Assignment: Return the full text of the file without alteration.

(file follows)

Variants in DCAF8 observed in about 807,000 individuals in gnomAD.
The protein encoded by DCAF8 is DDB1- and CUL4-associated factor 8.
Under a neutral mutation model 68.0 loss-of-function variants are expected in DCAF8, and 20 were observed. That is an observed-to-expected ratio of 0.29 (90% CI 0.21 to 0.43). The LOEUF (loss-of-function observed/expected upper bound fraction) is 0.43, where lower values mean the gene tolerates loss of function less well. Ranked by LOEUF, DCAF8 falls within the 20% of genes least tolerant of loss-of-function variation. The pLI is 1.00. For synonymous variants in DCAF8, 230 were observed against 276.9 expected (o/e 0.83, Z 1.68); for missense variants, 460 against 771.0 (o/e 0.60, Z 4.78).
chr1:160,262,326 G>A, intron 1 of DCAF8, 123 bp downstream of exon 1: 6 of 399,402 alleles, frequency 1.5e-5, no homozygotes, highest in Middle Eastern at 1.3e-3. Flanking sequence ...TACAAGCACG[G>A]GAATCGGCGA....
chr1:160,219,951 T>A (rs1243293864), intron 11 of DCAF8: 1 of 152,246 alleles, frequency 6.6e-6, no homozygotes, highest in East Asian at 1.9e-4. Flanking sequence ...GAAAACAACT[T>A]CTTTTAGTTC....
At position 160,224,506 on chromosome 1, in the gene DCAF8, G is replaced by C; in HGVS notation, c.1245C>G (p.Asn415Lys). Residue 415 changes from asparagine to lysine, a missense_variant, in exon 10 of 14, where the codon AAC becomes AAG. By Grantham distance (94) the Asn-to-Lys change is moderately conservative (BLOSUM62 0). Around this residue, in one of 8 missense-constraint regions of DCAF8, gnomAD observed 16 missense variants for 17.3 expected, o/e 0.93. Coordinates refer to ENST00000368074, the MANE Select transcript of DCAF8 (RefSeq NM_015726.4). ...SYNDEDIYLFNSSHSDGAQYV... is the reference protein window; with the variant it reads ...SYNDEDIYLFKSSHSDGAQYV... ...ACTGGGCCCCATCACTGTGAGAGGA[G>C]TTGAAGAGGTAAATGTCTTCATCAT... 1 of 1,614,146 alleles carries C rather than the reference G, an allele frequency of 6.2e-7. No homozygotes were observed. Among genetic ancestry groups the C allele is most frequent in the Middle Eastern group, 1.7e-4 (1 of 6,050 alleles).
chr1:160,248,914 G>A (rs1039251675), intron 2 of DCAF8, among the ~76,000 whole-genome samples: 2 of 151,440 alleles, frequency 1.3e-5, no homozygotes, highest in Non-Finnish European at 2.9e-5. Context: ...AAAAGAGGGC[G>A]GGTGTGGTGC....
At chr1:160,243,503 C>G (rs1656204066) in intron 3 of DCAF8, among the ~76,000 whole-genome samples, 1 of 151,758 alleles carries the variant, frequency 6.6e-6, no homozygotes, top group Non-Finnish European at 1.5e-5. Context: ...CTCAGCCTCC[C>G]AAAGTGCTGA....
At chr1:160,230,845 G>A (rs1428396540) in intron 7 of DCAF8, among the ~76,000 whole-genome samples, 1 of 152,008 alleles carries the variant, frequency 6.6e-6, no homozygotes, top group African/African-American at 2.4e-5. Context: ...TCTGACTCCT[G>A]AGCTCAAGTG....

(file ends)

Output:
Variants in DCAF8 observed in about 807,000 individuals in gnomAD.
The protein encoded by DCAF8 is DDB1- and CUL4-associated factor 8.
Under a neutral mutation model 68.0 loss-of-function variants are expected in DCAF8, and 20 were observed. That is an observed-to-expected ratio of 0.29 (90% CI 0.21 to 0.43). The LOEUF (loss-of-function observed/expected upper bound fraction) is 0.43, where lower values mean the gene tolerates loss of function less well. Ranked by LOEUF, DCAF8 falls within the 20% of genes least tolerant of loss-of-function variation. The pLI is 1.00. For synonymous variants in DCAF8, 230 were observed against 276.9 expected (o/e 0.83, Z 1.68); for missense variants, 460 against 771.0 (o/e 0.60, Z 4.78).
chr1:160,262,326 G>A, intron 1 of DCAF8, 123 bp downstream of exon 1: 6 of 399,402 alleles, frequency 1.5e-5, no homozygotes, highest in Middle Eastern at 1.3e-3. Flanking sequence ...TACAAGCACG[G>A]GAATCGGCGA....
chr1:160,219,951 T>A (rs1243293864), intron 11 of DCAF8: 1 of 152,246 alleles, frequency 6.6e-6, no homozygotes, highest in East Asian at 1.9e-4. Flanking sequence ...GAAAACAACT[T>A]CTTTTAGTTC....
At position 160,224,506 on chromosome 1, in the gene DCAF8, G is replaced by C; in HGVS notation, c.1245C>G (p.Asn415Lys). Residue 415 changes from asparagine to lysine, a missense_variant, in exon 10 of 14, where the codon AAC becomes AAG. By Grantham distance (94) the Asn-to-Lys change is moderately conservative (BLOSUM62 0). Around this residue, in one of 8 missense-constraint regions of DCAF8, gnomAD observed 16 missense variants for 17.3 expected, o/e 0.93. Coordinates refer to ENST00000368074, the MANE Select transcript of DCAF8 (RefSeq NM_015726.4). ...SYNDEDIYLFNSSHSDGAQYV... is the reference protein window; with the variant it reads ...SYNDEDIYLFKSSHSDGAQYV... ...ACTGGGCCCCATCACTGTGAGAGGA[G>C]TTGAAGAGGTAAATGTCTTCATCAT... 1 of 1,614,146 alleles carries C rather than the reference G, an allele frequency of 6.2e-7. No homozygotes were observed. Among genetic ancestry groups the C allele is most frequent in the Middle Eastern group, 1.7e-4 (1 of 6,050 alleles).
chr1:160,248,914 G>A (rs1039251675), intron 2 of DCAF8, among the ~76,000 whole-genome samples: 2 of 151,440 alleles, frequency 1.3e-5, no homozygotes, highest in Non-Finnish European at 2.9e-5. Context: ...AAAAGAGGGC[G>A]GGTGTGGTGC....
At chr1:160,243,503 C>G (rs1656204066) in intron 3 of DCAF8, among the ~76,000 whole-genome samples, 1 of 151,758 alleles carries the variant, frequency 6.6e-6, no homozygotes, top group Non-Finnish European at 1.5e-5. Context: ...CTCAGCCTCC[C>G]AAAGTGCTGA....
At chr1:160,230,845 G>A (rs1428396540) in intron 7 of DCAF8, among the ~76,000 whole-genome samples, 1 of 152,008 alleles carries the variant, frequency 6.6e-6, no homozygotes, top group African/African-American at 2.4e-5. Context: ...TCTGACTCCT[G>A]AGCTCAAGTG....